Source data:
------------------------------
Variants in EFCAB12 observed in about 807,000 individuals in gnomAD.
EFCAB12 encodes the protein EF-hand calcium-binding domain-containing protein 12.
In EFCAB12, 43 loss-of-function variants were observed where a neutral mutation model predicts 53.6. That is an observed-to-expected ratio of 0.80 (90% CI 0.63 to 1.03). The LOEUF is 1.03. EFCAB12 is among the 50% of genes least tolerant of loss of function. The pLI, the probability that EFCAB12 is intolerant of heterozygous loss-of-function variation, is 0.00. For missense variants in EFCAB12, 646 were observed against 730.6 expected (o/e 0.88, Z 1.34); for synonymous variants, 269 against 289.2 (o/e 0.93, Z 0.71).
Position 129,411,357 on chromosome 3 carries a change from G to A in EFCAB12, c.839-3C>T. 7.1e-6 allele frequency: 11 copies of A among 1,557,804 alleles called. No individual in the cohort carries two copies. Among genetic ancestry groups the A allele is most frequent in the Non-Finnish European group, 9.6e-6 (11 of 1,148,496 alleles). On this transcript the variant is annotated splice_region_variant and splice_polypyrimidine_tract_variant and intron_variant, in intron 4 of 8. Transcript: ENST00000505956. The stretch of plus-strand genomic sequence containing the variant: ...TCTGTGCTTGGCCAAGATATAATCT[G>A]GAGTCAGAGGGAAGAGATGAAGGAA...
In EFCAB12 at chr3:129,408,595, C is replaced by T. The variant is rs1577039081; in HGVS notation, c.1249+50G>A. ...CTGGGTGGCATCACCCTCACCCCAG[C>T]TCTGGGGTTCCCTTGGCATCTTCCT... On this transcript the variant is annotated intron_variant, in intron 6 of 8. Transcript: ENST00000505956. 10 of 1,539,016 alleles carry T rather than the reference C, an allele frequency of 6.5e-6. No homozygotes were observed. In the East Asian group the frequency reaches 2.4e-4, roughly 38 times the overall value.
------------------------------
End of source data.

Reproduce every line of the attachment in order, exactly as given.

Variants in EFCAB12 observed in about 807,000 individuals in gnomAD.
EFCAB12 encodes the protein EF-hand calcium-binding domain-containing protein 12.
In EFCAB12, 43 loss-of-function variants were observed where a neutral mutation model predicts 53.6. That is an observed-to-expected ratio of 0.80 (90% CI 0.63 to 1.03). The LOEUF is 1.03. EFCAB12 is among the 50% of genes least tolerant of loss of function. The pLI, the probability that EFCAB12 is intolerant of heterozygous loss-of-function variation, is 0.00. For missense variants in EFCAB12, 646 were observed against 730.6 expected (o/e 0.88, Z 1.34); for synonymous variants, 269 against 289.2 (o/e 0.93, Z 0.71).
Position 129,411,357 on chromosome 3 carries a change from G to A in EFCAB12, c.839-3C>T. 7.1e-6 allele frequency: 11 copies of A among 1,557,804 alleles called. No individual in the cohort carries two copies. Among genetic ancestry groups the A allele is most frequent in the Non-Finnish European group, 9.6e-6 (11 of 1,148,496 alleles). On this transcript the variant is annotated splice_region_variant and splice_polypyrimidine_tract_variant and intron_variant, in intron 4 of 8. Transcript: ENST00000505956. The stretch of plus-strand genomic sequence containing the variant: ...TCTGTGCTTGGCCAAGATATAATCT[G>A]GAGTCAGAGGGAAGAGATGAAGGAA...
In EFCAB12 at chr3:129,408,595, C is replaced by T. The variant is rs1577039081; in HGVS notation, c.1249+50G>A. ...CTGGGTGGCATCACCCTCACCCCAG[C>T]TCTGGGGTTCCCTTGGCATCTTCCT... On this transcript the variant is annotated intron_variant, in intron 6 of 8. Transcript: ENST00000505956. 10 of 1,539,016 alleles carry T rather than the reference C, an allele frequency of 6.5e-6. No homozygotes were observed. In the East Asian group the frequency reaches 2.4e-4, roughly 38 times the overall value.